Researchers conducted a questionnaire-based study to learn more about pregnancy and delivery in women with spinal muscular atrophy (SMA), knowing this information will be useful to doctors who want to provide the best counseling to their SMA patients considering motherhood.
The study, “Pregnancy And Delivery In Women With Spinal Muscular Atrophy,” was published in the International Journal of Neuroscience.
There is still a lack of data that doctors can use when counseling their SMA patients on pregnancy and childbirth. The limited information available comes from isolated case reports or studies with SMA patients that do not carry the same genetic anomalies, which makes conclusions difficult to apply to other SMA patients.
To improve their knowledge on this subject, researchers asked 58 U.S. patients with SMA, ages 21 to 65, to complete a questionnaire about the impact of pregnancy and delivery on the clinical development of their symptoms, and how their SMA type and severity influenced their experiences.
Thirty-two patients completed the questionnaire, reporting 35 pregnancies (19 patients had at least one pregnancy and 13 patients had never been pregnant). Twenty-one participants reported SMA type 3 (diagnosed in patients who can walk independently), whereas 10 women said they had type 2 (these patients can sit independently but cannot walk).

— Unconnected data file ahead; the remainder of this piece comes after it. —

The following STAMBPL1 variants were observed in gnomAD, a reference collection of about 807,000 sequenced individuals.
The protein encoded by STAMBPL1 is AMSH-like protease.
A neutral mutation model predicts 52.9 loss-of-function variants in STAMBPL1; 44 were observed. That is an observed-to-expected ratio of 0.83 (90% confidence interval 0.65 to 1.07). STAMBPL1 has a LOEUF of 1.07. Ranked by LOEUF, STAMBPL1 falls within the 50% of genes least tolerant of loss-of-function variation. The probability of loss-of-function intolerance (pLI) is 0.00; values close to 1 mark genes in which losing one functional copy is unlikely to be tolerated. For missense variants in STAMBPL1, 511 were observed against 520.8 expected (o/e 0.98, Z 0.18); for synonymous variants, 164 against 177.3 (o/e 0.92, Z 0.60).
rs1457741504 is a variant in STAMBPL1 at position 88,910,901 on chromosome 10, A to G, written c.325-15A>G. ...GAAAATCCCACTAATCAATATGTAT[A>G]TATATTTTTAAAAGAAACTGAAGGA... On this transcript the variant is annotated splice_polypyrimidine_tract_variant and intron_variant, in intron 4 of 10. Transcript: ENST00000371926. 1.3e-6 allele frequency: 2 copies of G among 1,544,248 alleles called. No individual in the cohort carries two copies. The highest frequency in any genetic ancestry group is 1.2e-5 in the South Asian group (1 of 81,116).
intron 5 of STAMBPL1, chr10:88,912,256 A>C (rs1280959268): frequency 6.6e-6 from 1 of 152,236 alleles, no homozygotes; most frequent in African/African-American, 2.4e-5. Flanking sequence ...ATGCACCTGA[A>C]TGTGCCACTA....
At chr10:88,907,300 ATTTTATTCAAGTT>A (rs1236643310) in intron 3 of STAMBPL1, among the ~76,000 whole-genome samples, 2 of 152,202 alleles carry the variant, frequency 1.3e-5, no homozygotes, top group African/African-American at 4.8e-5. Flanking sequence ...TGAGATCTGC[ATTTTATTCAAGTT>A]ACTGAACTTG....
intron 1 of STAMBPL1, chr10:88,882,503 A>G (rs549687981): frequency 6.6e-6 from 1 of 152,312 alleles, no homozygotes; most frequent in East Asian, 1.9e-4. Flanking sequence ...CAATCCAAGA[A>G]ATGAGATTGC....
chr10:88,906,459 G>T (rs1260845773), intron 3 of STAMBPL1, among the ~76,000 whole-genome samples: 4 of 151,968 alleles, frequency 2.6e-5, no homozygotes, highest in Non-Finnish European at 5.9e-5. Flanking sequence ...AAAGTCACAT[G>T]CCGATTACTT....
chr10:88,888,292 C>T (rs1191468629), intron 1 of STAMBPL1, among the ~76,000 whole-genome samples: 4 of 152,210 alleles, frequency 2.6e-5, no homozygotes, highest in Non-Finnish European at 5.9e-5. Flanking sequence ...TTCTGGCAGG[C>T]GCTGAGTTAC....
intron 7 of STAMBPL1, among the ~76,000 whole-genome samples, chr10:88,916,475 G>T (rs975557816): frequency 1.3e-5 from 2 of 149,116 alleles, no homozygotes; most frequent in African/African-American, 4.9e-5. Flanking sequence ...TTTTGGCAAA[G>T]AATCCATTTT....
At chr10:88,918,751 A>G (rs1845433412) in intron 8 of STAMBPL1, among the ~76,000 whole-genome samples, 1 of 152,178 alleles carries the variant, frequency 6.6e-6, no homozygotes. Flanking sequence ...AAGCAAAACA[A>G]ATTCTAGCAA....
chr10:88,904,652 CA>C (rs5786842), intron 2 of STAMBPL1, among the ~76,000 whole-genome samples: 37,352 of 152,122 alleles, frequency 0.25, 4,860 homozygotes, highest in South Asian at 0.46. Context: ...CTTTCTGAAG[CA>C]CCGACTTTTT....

Of the women who had not become pregnant (13 patients), only four said having SMA had been the reason for their choice.
Within the group with pregnancy experience, 15 patients reported having mild disease severity while pregnant, and four reported moderate to severe severity. Also, 11 women among the 19 in the pregnancy group said they received genetic counseling before becoming pregnant. Six patients did not know they had the disease before becoming pregnant for the first time.
Also, 74 percent of the participants said their weakness increased during pregnancy, and 42 percent said this weakness remained after delivery.
Regarding delivery, preterm labor and delivery by cesarean section were common among SMA patients — especially among those with type 2 SMA.
Despite the reports on increased weakness, most SMA mothers (91 percent) reported positive experiences while pregnant and said they would make the same decision if they were to become pregnant again. They were also satisfied with their obstetric and anesthetic care.
“Women with SMA generally reported positive experiences and good outcomes from their pregnancies, and reported no regrets about their decision to get pregnant,” researchers concluded. “This information, although based on relatively small numbers, will aid in the counseling of women with SMA who are considering pregnancy.”
“Further assessment of these issues in a prospective cohort is needed to better counsel and manage women with SMA contemplating pregnancy, particularly in relation to respiratory function through pregnancy, delivery, and the post-partum period,” they wrote.